Today, I’m delighted to welcome W.R. Gingell to Virtual Book Club, an interview series in which I put questions to authors about their latest releases. If you’d like to pose a question, you’ll have the opportunity to do so at the end.
W.R. is a Tasmanian author who lives in a house with a green door. She spends her time reading, drinking an inordinate amount of tea, and slouching in front of the fire to write. Like Peter Pan, she never really grew up, and is still occasionally to be found climbing trees.
She loves to twist fairytales and enjoys writing characters with more to recommend them than good looks. Her works so far include retellings of Beauty & The Beast (Masque), Red Riding Hood (Wolfskin), and Sleeping Beauty–with a bit of Rapunzel thrown in (Spindle). She also dabbles in a small amount of Sci-Fi, and has almost completed an entirely original novella trilogy, Shards of a Broken Sword.
Q: Have you always felt driven to write?
Oh yes! Since I first began to read, I’ve been writing. I don’t remember much of my life before I was scribbling awful stories.
Q: Who was it who gave you your first encouragement as a writer?
A visiting author who was speaking in my local library. All the local librarians knew me because I was the tiny kid who walked out of the library almost daily with a stack of books bigger than I was. They also knew I was a writer, so when authors spoke in the library, they let me know. One of those authors had all of us write a piece on the subject he gave us, and when we read them out, he loved mine and one other out of the group. I was about 12. I was over the moon! I was buoyed up for the entire day, despite the fact that my family had no conception of HOW COOL it was that a published author loved my paragraph and gave me a signed copy of his book as a prize.
Q: Is your day job a distraction or does it add another element to your writing?
Both! Sometimes it’s a huge distraction (like when I’m really on a roll with whatever WiP I happen to be writing). Sometimes it provides something for my hands to do while my mind is busy plotting, fixing problems, and working on characterisations and motives. Occasionally the best thinking time is time at work.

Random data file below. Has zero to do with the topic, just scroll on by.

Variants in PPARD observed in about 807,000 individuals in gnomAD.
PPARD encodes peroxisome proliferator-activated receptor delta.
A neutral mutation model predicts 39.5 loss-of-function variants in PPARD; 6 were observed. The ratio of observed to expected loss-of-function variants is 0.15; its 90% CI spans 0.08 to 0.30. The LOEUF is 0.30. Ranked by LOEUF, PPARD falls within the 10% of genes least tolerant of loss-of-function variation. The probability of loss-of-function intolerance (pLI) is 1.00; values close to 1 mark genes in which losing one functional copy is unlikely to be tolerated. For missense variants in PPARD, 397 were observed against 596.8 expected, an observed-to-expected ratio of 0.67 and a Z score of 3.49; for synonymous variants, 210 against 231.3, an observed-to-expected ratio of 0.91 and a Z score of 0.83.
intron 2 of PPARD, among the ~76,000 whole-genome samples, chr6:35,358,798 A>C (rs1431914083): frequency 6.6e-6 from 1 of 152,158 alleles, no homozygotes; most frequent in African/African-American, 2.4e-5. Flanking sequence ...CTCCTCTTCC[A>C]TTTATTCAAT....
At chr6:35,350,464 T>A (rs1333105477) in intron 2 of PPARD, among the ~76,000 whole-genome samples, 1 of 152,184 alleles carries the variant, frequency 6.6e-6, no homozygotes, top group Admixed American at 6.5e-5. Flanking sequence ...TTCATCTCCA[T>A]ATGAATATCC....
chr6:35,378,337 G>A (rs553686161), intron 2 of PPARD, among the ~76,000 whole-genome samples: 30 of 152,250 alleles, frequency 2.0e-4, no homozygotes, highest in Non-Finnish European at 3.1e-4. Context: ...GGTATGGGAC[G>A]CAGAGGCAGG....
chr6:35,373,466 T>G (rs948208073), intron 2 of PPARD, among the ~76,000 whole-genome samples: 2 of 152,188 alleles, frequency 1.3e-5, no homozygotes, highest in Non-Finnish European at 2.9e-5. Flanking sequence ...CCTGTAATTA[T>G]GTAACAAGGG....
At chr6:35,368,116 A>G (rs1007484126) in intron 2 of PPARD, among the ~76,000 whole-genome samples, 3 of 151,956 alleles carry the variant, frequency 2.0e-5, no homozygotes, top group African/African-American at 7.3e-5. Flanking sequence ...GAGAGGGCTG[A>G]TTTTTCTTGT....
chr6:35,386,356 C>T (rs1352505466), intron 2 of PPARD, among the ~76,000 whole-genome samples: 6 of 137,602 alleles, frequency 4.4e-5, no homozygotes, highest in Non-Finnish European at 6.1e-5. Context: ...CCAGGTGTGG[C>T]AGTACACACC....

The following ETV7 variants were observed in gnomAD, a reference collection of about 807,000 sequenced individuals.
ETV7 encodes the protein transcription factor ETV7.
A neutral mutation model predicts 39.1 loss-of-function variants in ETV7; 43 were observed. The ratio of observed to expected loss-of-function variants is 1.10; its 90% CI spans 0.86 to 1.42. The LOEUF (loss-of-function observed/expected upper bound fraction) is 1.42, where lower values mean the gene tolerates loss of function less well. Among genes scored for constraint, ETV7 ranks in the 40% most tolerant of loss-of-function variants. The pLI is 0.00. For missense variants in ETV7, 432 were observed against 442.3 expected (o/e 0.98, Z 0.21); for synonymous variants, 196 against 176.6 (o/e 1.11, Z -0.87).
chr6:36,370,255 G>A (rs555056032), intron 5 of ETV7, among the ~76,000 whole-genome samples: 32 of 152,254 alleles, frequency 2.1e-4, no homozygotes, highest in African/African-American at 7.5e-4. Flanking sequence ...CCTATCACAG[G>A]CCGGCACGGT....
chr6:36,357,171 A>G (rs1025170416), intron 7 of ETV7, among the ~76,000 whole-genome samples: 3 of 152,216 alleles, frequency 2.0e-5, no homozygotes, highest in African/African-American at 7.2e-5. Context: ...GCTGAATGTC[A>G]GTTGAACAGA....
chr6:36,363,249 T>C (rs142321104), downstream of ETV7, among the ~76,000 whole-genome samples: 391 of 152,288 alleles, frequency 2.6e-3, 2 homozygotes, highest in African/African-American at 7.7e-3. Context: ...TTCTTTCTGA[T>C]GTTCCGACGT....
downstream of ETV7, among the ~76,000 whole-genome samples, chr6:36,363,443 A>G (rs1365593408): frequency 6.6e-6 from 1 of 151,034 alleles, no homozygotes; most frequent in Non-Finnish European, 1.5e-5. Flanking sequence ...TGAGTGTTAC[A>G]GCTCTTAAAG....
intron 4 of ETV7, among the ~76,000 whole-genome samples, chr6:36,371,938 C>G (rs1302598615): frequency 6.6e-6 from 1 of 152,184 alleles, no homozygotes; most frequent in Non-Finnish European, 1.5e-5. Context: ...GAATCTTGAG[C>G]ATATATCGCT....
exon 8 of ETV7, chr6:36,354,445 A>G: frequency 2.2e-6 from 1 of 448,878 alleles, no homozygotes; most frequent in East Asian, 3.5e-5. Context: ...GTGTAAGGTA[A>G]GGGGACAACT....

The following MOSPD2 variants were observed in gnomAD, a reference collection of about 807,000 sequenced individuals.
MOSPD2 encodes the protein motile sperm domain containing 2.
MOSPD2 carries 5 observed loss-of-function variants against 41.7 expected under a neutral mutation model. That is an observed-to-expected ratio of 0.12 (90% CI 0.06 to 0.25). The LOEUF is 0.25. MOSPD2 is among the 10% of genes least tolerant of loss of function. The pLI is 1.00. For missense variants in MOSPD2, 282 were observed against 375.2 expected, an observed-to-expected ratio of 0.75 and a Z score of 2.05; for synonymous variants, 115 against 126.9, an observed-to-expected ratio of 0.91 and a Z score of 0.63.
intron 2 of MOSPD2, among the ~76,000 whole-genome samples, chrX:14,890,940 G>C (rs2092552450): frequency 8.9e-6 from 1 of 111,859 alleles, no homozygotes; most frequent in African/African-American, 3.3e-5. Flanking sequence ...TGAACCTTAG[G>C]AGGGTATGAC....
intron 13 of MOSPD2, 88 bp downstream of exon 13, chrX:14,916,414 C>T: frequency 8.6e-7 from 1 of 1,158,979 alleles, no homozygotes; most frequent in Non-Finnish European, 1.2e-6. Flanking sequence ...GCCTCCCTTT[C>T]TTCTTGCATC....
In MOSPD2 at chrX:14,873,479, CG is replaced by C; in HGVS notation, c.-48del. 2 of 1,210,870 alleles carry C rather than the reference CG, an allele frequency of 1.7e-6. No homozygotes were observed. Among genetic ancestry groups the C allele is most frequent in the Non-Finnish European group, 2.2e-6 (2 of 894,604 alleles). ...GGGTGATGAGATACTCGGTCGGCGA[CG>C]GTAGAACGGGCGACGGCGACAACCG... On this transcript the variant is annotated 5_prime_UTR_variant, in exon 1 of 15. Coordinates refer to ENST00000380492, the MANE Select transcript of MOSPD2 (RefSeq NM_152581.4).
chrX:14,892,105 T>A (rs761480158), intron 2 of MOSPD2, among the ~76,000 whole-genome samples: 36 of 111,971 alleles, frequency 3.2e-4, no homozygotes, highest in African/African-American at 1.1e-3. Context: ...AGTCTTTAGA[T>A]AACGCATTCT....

Q: If you were trying to describe your writing to someone who hasn’t read anything by you before, what would you say?
Think fairytales with murder, mayhem, and magic. Stories with a touch of the familiar and a liberal dose of unexpected twists. Victorian-style settings and women who aren’t afraid to push to get what they want. I like to experiment with form, style, and structure, so expect to see that reflected as I grow as a writer!
Q: Is your writing plot-driven or character-driven?
Oh, both, I hope! I do tend to start with characters rather than plots or situations, though, so that probably answers the question more accurately. I really admire a book with a gorgeously built plot. But if it doesn’t have characters I love—or at least find compelling—I’m more likely to put it down than if I was reading a wonderfully character-driven novel with a slightly clumsy plot.
Q: Let’s talk about Masque. What is it about your novel that makes it particularly suitable for book clubs?
It’s pure, unadulterated fun. I know the fashion is for book clubs to read serious, important books, and that’s great too; but sometimes you just really need to talk over a fun, hilarious, enjoyable book. That’s what I’m hoping Masque will be to book clubs.
Q: In which ways was writing your debut transformative for you?